The paper works at the intersection of two concepts, objects and fetishes, focusing on objects invested by psychological, erotic, emotional, symbolic values, that transform them into fetishes; and aims at showing that there is a profound parallelism between fetishism and artistic creativity: both infinitize details, mirroring macrocosm in microcosm. By this way the negative connotation still linked to the concept of fetish is totally questioned and subverted.
Starting from the main theoretical approaches to fetishism (anthropology, Marxism, psychoanalysis, cultural studies), and from the mythopoetic force of objects, the paper defines two different patterns of object-fetishes: a classical one, linked to the memorial function and to the elaboration of mourning, and a modernist one, focused of the fascination of pure matter; both have broad reverberations that are exemplified in literature and visual media, from Goethe’s Elective Affinities to Marco Ferreri’s Dillinger è morto, from Virginia Woolf’s Solid Objects to Christian Boltanski’s installations.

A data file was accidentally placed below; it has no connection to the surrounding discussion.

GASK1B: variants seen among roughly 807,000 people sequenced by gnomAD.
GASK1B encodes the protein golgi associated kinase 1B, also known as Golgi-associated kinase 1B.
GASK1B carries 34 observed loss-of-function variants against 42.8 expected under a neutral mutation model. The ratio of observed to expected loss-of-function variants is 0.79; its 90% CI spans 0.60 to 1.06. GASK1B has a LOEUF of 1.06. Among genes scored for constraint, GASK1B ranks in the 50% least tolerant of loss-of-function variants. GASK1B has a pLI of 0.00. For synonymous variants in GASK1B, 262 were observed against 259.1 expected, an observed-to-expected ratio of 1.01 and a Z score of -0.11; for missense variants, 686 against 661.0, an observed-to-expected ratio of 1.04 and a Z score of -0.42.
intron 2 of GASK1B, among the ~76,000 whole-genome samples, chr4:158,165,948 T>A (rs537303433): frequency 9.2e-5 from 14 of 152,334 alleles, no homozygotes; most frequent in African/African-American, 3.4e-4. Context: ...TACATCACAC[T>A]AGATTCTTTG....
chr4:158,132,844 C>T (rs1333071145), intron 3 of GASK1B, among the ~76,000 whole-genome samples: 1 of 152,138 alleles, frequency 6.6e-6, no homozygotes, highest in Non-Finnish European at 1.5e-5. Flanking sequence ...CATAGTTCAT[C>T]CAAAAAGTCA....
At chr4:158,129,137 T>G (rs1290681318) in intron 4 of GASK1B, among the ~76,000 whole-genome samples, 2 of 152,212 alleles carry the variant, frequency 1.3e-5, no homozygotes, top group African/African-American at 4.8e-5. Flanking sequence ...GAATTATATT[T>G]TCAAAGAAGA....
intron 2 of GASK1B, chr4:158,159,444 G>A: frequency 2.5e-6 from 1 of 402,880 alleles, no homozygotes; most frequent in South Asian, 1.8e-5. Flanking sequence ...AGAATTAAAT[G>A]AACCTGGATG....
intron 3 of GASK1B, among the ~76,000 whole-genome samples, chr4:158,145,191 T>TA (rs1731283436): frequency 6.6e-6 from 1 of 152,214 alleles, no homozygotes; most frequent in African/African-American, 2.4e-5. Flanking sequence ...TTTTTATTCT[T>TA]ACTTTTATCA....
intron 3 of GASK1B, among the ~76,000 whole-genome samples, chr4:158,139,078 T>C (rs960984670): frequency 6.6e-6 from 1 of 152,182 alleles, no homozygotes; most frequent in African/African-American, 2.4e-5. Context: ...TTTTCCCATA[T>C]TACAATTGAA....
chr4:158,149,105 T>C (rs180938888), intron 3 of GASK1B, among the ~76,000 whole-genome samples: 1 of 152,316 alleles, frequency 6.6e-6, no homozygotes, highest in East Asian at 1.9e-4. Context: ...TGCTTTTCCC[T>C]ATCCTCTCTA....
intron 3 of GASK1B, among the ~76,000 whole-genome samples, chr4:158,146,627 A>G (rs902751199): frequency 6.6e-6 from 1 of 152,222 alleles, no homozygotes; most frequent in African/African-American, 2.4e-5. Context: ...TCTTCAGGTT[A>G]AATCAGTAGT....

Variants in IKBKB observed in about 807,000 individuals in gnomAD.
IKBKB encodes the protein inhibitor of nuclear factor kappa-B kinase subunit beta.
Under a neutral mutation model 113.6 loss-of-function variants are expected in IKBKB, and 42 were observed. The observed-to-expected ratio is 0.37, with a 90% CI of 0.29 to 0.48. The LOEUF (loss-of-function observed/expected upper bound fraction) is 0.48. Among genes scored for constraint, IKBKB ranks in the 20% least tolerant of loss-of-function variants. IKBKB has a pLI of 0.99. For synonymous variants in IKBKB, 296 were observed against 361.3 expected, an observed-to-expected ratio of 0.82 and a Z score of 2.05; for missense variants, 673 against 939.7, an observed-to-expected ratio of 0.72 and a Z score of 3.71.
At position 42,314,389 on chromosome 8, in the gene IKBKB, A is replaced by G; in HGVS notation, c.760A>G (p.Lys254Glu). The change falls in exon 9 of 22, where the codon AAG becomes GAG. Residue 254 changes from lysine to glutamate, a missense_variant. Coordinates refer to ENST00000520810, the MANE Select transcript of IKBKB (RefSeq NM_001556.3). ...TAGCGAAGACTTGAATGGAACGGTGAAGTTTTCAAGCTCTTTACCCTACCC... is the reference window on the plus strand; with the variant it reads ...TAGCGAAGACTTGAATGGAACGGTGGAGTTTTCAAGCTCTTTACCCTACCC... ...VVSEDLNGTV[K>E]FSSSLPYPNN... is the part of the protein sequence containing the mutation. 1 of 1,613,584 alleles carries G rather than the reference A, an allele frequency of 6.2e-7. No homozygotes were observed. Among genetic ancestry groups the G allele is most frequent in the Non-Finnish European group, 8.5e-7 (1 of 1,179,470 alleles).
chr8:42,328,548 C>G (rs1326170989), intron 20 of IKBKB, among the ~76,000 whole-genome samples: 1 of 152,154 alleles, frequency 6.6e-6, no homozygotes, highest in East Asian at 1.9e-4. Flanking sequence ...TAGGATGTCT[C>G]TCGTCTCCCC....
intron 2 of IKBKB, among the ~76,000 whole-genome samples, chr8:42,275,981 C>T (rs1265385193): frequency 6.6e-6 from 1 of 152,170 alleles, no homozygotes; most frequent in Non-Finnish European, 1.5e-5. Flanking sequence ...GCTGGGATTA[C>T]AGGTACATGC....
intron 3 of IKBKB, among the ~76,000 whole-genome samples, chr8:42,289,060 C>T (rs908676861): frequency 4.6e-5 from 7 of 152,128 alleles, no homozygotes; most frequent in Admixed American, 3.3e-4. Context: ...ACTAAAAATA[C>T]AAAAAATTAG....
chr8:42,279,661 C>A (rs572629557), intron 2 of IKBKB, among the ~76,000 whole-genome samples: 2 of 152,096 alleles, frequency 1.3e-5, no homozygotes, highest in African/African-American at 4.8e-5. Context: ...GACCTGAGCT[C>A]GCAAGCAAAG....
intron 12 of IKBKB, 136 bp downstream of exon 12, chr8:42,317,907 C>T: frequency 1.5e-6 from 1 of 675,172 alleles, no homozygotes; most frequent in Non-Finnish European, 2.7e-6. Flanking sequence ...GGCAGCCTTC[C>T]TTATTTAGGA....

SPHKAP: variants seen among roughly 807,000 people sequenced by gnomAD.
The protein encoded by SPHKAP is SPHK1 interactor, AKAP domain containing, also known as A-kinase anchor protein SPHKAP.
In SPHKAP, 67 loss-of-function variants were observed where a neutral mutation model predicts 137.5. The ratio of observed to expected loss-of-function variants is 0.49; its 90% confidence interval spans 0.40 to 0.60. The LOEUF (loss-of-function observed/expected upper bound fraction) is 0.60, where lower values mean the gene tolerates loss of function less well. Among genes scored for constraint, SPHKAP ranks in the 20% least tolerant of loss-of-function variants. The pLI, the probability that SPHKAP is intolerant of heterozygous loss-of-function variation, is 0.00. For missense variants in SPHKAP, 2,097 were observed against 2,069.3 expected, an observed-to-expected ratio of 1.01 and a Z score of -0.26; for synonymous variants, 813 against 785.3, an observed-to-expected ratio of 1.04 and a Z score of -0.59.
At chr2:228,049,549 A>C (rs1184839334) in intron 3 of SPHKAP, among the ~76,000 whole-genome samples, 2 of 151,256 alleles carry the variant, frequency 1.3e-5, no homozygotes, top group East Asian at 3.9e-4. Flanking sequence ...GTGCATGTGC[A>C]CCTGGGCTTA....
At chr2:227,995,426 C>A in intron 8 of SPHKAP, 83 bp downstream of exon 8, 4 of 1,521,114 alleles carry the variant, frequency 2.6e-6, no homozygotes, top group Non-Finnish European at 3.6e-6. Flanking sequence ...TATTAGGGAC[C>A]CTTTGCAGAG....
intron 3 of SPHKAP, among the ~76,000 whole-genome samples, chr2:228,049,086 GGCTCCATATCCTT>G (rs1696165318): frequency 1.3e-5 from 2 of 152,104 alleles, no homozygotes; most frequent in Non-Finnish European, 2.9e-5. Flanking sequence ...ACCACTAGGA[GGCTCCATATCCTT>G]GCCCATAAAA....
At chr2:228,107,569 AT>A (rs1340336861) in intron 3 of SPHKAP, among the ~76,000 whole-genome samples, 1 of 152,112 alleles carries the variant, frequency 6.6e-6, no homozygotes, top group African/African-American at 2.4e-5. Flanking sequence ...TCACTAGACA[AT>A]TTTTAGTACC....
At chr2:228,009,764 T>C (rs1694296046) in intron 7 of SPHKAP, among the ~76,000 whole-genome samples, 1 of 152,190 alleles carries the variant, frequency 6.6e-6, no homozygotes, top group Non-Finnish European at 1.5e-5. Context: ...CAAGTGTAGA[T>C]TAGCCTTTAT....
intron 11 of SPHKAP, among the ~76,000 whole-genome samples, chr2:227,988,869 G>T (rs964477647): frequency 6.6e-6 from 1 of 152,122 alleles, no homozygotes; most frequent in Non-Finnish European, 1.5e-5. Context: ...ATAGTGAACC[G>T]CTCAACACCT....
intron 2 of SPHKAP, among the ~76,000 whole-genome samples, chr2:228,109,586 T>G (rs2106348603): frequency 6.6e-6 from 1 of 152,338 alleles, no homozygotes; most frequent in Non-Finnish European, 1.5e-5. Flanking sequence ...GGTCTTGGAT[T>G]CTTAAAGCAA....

Massimo Fusillo (Naples 1959) is Professor of Literary Criticism and Comparative Literature at the University of L’Aquila (Italy), where he is Coordinator of the PhD Program on Literary Genres; he is also President of the Italian Association of Theory and Comparative History of Literature.
His major fields of research are: Theory of the Novel, Thematic Criticism. Modern Reception of ancient literature, Literature and Visual Culture, Queer Studies. His major publications are: Il romanzo greco: polifonia ed eros, Marsilio 1989; Naissance du roman, Seuil, 1991; La Grecia secondo Pasolini. Mito e cinema, Nuova Italia, 1996; 2° revised edition Carocci, 2007; Il dio ibrido. Dioniso e le Baccanti nel Novecento, Il Mulino, 2006; L’altro e lo stesso. Teoria e storia del doppio, Nuova Italia, 1998; new edition Mucchi, 2012; Estetica della letteratura, Il Mulino, 2009; Span. transl. Antonio Machado, 2012; Feticci. Letteratura cinema arti visive, Il Mulino, 2012, forthcoming in a French version by Champion.
Co-sponsored with the Department of Italian Studies.